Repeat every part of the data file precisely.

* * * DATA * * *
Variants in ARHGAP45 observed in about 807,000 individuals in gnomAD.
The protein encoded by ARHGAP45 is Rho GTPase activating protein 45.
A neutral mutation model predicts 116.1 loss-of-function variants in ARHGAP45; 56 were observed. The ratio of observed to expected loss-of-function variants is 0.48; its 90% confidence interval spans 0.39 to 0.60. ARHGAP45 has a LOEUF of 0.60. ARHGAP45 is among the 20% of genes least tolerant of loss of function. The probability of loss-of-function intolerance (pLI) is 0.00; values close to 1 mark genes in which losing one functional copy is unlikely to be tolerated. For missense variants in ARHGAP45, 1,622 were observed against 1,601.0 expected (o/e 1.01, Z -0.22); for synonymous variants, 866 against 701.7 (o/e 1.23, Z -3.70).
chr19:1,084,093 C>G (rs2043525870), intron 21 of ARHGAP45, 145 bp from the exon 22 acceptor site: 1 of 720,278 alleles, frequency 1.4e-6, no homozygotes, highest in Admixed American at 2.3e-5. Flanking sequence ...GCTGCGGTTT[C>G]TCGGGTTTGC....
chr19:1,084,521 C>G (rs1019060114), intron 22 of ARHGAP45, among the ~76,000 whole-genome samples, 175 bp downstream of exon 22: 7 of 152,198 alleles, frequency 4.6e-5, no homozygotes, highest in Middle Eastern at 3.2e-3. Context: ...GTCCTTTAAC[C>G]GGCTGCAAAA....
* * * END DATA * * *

Variants in ARHGAP45 observed in about 807,000 individuals in gnomAD.
The protein encoded by ARHGAP45 is Rho GTPase activating protein 45.
A neutral mutation model predicts 116.1 loss-of-function variants in ARHGAP45; 56 were observed. The ratio of observed to expected loss-of-function variants is 0.48; its 90% confidence interval spans 0.39 to 0.60. ARHGAP45 has a LOEUF of 0.60. ARHGAP45 is among the 20% of genes least tolerant of loss of function. The probability of loss-of-function intolerance (pLI) is 0.00; values close to 1 mark genes in which losing one functional copy is unlikely to be tolerated. For missense variants in ARHGAP45, 1,622 were observed against 1,601.0 expected (o/e 1.01, Z -0.22); for synonymous variants, 866 against 701.7 (o/e 1.23, Z -3.70).
chr19:1,084,093 C>G (rs2043525870), intron 21 of ARHGAP45, 145 bp from the exon 22 acceptor site: 1 of 720,278 alleles, frequency 1.4e-6, no homozygotes, highest in Admixed American at 2.3e-5. Flanking sequence ...GCTGCGGTTT[C>G]TCGGGTTTGC....
chr19:1,084,521 C>G (rs1019060114), intron 22 of ARHGAP45, among the ~76,000 whole-genome samples, 175 bp downstream of exon 22: 7 of 152,198 alleles, frequency 4.6e-5, no homozygotes, highest in Middle Eastern at 3.2e-3. Context: ...GTCCTTTAAC[C>G]GGCTGCAAAA....